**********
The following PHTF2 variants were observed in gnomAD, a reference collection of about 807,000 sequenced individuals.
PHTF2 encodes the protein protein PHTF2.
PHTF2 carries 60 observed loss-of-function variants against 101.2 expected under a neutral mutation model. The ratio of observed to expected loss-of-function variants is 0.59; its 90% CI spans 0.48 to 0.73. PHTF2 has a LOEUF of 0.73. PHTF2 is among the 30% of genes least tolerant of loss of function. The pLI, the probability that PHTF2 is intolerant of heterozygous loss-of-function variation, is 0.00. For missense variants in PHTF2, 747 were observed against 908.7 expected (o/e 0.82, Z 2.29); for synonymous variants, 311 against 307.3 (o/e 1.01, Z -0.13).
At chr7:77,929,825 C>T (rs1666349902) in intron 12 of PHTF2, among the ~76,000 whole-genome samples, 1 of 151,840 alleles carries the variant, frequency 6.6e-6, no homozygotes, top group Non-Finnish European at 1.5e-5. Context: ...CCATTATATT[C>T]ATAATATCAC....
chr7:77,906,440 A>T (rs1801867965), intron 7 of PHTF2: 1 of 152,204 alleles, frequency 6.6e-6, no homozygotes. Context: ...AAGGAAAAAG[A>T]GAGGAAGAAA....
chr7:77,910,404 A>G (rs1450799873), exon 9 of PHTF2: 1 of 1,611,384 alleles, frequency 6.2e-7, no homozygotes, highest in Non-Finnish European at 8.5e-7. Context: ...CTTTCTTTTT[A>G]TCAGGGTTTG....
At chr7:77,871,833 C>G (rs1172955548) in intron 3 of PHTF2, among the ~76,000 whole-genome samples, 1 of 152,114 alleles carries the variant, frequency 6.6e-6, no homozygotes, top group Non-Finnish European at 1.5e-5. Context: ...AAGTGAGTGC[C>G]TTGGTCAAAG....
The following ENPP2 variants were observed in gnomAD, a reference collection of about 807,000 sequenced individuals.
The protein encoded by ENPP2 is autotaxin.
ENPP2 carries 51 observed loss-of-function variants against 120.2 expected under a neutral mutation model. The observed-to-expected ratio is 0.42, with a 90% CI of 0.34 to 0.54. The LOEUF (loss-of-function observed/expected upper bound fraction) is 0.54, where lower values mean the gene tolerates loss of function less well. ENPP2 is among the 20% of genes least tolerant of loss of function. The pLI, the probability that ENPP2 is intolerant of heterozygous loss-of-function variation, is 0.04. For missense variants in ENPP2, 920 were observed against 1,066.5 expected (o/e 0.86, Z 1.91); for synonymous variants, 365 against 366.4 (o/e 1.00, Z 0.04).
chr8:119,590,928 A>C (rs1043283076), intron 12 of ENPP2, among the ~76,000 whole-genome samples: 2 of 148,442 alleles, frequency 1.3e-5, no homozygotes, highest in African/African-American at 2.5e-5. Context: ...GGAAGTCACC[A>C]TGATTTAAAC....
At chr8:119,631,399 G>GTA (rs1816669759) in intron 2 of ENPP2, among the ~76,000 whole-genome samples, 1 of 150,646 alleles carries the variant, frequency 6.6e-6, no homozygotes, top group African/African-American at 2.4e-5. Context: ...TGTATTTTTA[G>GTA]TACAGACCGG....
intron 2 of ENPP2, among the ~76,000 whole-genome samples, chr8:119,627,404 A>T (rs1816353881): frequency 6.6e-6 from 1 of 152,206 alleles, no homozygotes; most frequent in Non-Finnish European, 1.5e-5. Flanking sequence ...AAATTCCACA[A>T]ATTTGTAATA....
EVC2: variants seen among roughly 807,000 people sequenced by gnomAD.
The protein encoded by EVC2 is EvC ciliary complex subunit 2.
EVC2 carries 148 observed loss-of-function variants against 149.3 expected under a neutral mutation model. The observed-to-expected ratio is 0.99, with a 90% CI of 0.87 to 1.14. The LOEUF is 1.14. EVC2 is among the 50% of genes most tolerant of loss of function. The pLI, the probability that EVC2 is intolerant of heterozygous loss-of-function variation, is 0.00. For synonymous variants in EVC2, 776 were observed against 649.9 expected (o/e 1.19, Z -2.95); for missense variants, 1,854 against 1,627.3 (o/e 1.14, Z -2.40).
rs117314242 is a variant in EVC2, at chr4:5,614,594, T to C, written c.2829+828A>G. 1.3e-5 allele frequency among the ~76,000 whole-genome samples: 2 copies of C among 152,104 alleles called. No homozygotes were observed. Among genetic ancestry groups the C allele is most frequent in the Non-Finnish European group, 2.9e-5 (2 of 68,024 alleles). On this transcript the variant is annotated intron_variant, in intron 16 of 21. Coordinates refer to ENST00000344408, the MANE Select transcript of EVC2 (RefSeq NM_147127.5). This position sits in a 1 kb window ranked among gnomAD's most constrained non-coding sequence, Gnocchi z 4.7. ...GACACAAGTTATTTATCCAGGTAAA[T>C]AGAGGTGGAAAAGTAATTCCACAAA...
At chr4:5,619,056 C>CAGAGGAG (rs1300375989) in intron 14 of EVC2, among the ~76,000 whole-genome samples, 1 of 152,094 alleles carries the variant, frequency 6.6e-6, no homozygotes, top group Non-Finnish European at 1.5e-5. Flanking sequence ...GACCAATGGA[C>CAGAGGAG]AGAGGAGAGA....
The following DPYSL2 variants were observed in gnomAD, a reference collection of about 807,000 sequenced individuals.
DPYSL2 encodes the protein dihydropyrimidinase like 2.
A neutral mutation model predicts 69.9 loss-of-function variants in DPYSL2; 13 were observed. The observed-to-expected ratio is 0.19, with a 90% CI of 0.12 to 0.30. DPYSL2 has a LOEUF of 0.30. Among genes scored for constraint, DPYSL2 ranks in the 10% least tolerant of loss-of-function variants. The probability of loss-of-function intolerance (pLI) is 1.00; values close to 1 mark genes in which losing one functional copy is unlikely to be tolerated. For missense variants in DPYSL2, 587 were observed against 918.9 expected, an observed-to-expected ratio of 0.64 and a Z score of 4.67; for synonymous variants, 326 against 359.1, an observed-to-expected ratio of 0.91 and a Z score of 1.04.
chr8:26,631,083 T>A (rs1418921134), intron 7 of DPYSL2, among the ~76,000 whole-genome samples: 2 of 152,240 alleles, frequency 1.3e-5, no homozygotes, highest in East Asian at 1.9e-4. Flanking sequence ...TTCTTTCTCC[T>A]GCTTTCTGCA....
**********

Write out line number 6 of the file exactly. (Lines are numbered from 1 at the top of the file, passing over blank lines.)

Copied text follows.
chr7:77,910,404 A>G (rs1450799873), exon 9 of PHTF2: 1 of 1,611,384 alleles, frequency 6.2e-7, no homozygotes, highest in Non-Finnish European at 8.5e-7. Context: ...CTTTCTTTTT[A>G]TCAGGGTTTG....